So, all's well that ends well, right? Not so fast.


FOR THE RECORD:
An earlier version of this article inferred that "695" of UC Irvine's "employees" signed a petition of protest to Chancellor Michael Drake. Not all of the the signatories are UC Irvine employees.


UC Irvine Chancellor Michael Drake — who hired well-known law professor and commentator Erwin Chemerinsky to be the founding dean of his new law school on Aug. 16, unhired him on Sept. 11 for opaque reasons connected to Chemerinsky's political speech, then announced his rehiring Sept. 17 — wants to "put recent events behind us." I'll bet. It's not every week that hundreds of your employees accuse you of attacking "the integrity, reputation, and morale of faculty, staff and students alike," or that respected law professors from across the political spectrum call you "disgraceful" and worse.

But even though Chemerinsky has now been hired back, the story is far from over as far as public interest is concerned, for at least two reasons:

1) We still don't know why Drake fired his new law dean in the first place. This would be a mere personnel mystery, if it weren't for the fact that...

2) Drake, while never giving a sensible reason for the dismissal, did tell people that it had to do with the content of Chemerinsky's political speech (specifically an Aug. 16 Op-Ed in the L.A. Times), and to the "pressure" and "opposition" he was receiving from unnamed Republicans. If an Op-Ed can truly get an academic — even an administrator — fired, then that's a data point about the erosion of our free-speech climate that we deserve to know about.

And if indeed there are Republicans powerful enough to scotch the hiring of a well-known liberal dean, we need to know who they are, and how exactly they wield their power, so that we can prepare ourselves for next time, or take measures to reduce improper influence.

And perhaps most relevantly, if a chancellor is just using the chimera of powerful Republicans to justify his own sloppy handling of a personnel decision, we need to know that too, because we're paying his salary.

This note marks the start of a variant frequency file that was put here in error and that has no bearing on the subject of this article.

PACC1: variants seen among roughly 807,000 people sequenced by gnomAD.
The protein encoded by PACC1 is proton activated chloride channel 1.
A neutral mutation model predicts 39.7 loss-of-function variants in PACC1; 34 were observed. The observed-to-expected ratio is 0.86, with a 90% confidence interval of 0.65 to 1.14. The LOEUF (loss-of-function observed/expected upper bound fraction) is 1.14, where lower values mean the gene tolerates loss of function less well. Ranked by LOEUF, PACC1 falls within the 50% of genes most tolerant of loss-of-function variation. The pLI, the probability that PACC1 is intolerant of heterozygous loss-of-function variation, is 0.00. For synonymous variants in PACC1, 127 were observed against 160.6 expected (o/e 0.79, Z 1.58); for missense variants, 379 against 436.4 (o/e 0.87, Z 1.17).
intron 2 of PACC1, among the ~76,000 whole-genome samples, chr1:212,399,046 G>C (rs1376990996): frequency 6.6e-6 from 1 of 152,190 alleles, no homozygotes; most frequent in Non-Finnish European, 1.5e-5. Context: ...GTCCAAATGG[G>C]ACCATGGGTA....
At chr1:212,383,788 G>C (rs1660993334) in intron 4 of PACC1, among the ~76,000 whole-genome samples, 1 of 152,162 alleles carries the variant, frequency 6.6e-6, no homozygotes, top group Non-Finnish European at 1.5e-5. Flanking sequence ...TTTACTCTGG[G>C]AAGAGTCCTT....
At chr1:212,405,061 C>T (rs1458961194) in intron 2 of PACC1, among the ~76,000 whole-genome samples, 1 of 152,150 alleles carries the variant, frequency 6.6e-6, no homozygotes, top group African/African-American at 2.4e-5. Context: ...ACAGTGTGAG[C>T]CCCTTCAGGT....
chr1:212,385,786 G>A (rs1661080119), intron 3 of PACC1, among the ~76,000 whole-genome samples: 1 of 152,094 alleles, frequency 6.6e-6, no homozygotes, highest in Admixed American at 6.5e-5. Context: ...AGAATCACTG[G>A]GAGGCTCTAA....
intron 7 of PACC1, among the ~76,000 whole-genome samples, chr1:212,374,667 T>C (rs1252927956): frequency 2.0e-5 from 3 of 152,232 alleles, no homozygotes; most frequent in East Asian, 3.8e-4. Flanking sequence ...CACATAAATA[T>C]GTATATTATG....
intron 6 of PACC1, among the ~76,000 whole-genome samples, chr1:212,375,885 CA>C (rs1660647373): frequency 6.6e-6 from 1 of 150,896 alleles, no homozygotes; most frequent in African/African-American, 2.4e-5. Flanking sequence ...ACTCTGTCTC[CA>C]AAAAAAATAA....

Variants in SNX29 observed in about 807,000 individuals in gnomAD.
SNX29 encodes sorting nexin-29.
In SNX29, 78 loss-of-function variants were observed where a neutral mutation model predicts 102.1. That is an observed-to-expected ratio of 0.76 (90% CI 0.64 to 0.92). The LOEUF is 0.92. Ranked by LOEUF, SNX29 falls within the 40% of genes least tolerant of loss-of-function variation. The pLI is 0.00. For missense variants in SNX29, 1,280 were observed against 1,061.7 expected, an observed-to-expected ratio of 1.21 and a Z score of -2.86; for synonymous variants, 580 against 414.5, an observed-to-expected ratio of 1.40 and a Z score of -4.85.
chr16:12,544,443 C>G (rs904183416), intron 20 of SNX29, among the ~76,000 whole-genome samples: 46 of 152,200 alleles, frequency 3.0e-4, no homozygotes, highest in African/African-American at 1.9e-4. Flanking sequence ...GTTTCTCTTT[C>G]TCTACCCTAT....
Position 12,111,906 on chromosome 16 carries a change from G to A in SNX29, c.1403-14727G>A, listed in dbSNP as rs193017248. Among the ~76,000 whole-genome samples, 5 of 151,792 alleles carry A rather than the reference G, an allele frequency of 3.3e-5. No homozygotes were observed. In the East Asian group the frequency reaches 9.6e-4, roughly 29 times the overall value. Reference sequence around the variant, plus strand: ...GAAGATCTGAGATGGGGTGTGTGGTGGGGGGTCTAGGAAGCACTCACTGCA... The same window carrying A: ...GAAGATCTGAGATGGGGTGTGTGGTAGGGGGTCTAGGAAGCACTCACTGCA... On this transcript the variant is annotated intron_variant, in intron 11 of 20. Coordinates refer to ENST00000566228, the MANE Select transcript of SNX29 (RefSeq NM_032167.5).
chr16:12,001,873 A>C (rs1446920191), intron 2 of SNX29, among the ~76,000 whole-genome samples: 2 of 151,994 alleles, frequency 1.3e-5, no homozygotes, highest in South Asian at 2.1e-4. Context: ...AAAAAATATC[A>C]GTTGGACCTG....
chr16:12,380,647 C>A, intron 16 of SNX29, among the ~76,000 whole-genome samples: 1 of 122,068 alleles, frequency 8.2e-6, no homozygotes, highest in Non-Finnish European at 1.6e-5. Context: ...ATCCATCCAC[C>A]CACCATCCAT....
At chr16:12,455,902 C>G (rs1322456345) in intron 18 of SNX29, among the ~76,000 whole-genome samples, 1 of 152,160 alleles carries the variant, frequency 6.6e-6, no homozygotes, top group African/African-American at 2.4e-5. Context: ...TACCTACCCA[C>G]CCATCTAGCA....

Instead of any of that, here's what Drake said Monday in a conference call with reporters, after being asked what concrete disagreements had been ironed out during his Sunday reconciliation with Chemerinsky. I'll quote the answer in full, to give maximum flavor to Drake's evasive language:

Yes, here's what I'll say about that and I ask you to respect this. One of the things that Erwin and I — since we will have to work closely together — one of the things that we specified before we discussed all of these things yesterday, is that anything we would like to discuss would be on the table, but that all of it would remain between us, as a confidential communication. So much that happened this last week has been parts of conversations taken out of context and blown into things that have been quite energy-intensive and destructive. Let me say that we had — and I'll let Erwin respond after I finish talking — but we had an in-depth conversation about our working relationship going forward in creating this new law school. And that it was a conversation that was highlighted by all of the areas of disagreement — Freudian slip — all the areas ofagreement and excitement that we had together. And there are a few areas that needed to be adjusted or tuned but, as I said, our agreements were overwhelming, and we were able to resolve any areas of miscommunication. We decided that the content of that discussion that was going to be between us and made it so we could have a very good discussion among us, the two of us who have to work together on this, so I will not talk of anything specific that we spoke of yesterday.
Note the flagrant and ongoing refusal to take responsibility for a mess of Drake's own creation: parts of conversations taken out of context and blown into things that have been quite energy-intensive and destructive.

Destructive to Drake's and UC Irvine's reputation, sure — and deservedly so. But destructive to the rest of us too. It doesn't take much in campus politics to unleash mutual recriminations, and there's a population of politicized observers who want nothing more than to believe the absolute worst from their rhetorical adversaries. People who believe Orange County to be the home of knuckle-dragging neanderthals had their biases reinforced this week, as did conservatives embittered by double-standards of "academic freedom."

Much of that could be waved away with a single honest explanation from Chancellor Drake. The fact that he won't give one says something much worse about UC Irvine than a mere five days' worth of bad headlines.

Matt Welch is assistant editorial page editor; click here to read more of his Opinion Daily columns. Send us your thoughts at opinion@latimes.com.